UK-DMC

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UK-DMC
Mission typeOptical imaging
Disaster monitoring
OperatorBNSC (2003-2010)
UKSA (2010-2011)
COSPAR ID2003-042D[1]
SATCAT no.27942Edit this on Wikidata
Mission duration8 years
Spacecraft properties
BusSSTL-100
ManufacturerSSTL
Launch mass88 kilograms (194 lb)
Start of mission
Launch date27 September 2003, 06:11:44 (2003-09-27UTC06:11:44Z) UTC
RocketKosmos-3M
Launch sitePlesetsk 132/1
End of mission
DisposalDecommissioned
DeactivatedNovember 2011 (2011-12)
Orbital parameters
Reference systemGeocentric
RegimeSun-synchronous[2]
Perigee676 kilometres (420 mi)
Apogee695 kilometres (432 mi)
Inclination degrees
Period98.5 minutes
Epoch27 September 2003, 02:12:00 UTC[3]

UK-DMC or UK-DMC 1, also known as BNSCSAT-1, was a British satellite that formed part of the Disaster Monitoring Constellation (DMC). It was built by Surrey Satellite Technology, who operated it via DMC International Imaging on behalf of the British National Space Centre and later the UK Space Agency. It was launched alongside other DMC satellites on 27 September 2003, and retired from service in November 2011.

Mission[edit]

As well as carrying remote sensing imaging sensors, the satellite also carries experimental payloads: the CLEO Cisco router in Low Earth Orbit, an experiment demonstrating GNSS reflectometry, and a water resistojet propulsion system.[4] The UK-DMC demonstrated the first use of the Interplanetary Internet in space.[5] In November 2010, nearing the end of its operational life, UK-DMC was placed into a lower orbit.[6]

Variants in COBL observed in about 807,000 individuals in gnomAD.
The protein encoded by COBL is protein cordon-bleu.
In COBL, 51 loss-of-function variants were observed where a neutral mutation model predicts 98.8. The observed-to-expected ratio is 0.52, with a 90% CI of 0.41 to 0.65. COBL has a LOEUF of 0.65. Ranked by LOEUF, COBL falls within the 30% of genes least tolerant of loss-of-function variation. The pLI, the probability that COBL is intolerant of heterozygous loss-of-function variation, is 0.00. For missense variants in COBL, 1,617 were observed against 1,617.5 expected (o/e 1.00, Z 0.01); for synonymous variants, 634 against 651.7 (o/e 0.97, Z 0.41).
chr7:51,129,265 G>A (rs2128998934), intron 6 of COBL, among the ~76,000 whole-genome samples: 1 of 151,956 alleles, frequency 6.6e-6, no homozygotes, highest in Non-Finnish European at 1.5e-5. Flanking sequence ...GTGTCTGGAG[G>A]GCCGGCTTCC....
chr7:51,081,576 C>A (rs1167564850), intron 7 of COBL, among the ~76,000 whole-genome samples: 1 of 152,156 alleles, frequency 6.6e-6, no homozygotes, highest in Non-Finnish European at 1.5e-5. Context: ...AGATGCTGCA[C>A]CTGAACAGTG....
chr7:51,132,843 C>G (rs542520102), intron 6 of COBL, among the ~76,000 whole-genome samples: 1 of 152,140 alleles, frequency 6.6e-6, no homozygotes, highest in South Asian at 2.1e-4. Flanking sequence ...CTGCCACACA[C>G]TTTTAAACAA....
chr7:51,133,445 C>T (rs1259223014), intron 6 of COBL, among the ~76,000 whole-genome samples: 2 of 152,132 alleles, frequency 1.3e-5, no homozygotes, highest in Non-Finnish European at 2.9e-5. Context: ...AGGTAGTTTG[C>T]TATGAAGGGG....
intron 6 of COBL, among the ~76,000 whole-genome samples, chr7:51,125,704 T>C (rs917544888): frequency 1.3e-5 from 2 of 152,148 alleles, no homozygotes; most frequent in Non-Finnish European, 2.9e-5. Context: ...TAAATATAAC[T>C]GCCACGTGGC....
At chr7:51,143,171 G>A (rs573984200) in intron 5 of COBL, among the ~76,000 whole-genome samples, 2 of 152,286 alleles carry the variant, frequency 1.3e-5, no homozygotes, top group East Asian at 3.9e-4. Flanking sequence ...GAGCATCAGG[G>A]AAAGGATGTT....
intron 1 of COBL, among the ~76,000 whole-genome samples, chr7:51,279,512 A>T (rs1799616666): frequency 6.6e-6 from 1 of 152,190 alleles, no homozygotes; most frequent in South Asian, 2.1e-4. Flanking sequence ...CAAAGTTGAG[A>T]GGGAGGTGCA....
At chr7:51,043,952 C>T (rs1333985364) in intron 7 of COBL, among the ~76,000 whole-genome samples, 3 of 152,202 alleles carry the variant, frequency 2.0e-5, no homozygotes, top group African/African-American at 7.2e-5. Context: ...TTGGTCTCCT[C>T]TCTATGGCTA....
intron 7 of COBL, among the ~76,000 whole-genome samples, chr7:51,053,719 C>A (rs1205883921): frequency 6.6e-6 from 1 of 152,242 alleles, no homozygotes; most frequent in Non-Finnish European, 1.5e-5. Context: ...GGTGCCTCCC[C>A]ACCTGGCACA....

Deactivation[edit]

After 8 years in orbit, daily operations of the satellite ceased in November 2011.[7] Operations have been taken over by the satellite's successor, UK-DMC 2.

The satellite is now a part of the growing space junk in Low Earth Orbit, which will decay in the Earth's atmosphere sometime in the future.

References[edit]

  1. ^ NASA "SPACEWARN Bulletin", Number 600, 1 November 2003
  2. ^ http://celestrak.com/satcat/2003/2003-042.asp
  3. ^ "NASA - NSSDCA - Spacecraft - Trajectory Details". nssdc.gsfc.nasa.gov. Retrieved 2018-05-02.
  4. ^ D. Gibbon, I Coxhill, D. Nicolini, R. Correi and J. Page, The Design, Development and In-flight Operation of a Water Resistojet Micropropulsion System, 40th AIAA/ASME/SAE/ASEE Joint Propulsion Conference and Exhibit, Fort Lauderdale, Florida, 11–14 July 2004, AIAA 2004-3798.
  5. ^ UK-DMC satellite first to transfer sensor data from space using 'bundle' protocol Archived 26 April 2012 at the Wayback Machine., SSTL press release, 11 September 2008.
  6. ^ SSTL satellite steps aside to reduce space junk, SSTL press release, 10 November 2010
  7. ^ "UK-DMC-1 to take well-earned retirement". SSTL. Retrieved 24 June 2012.

External links[edit]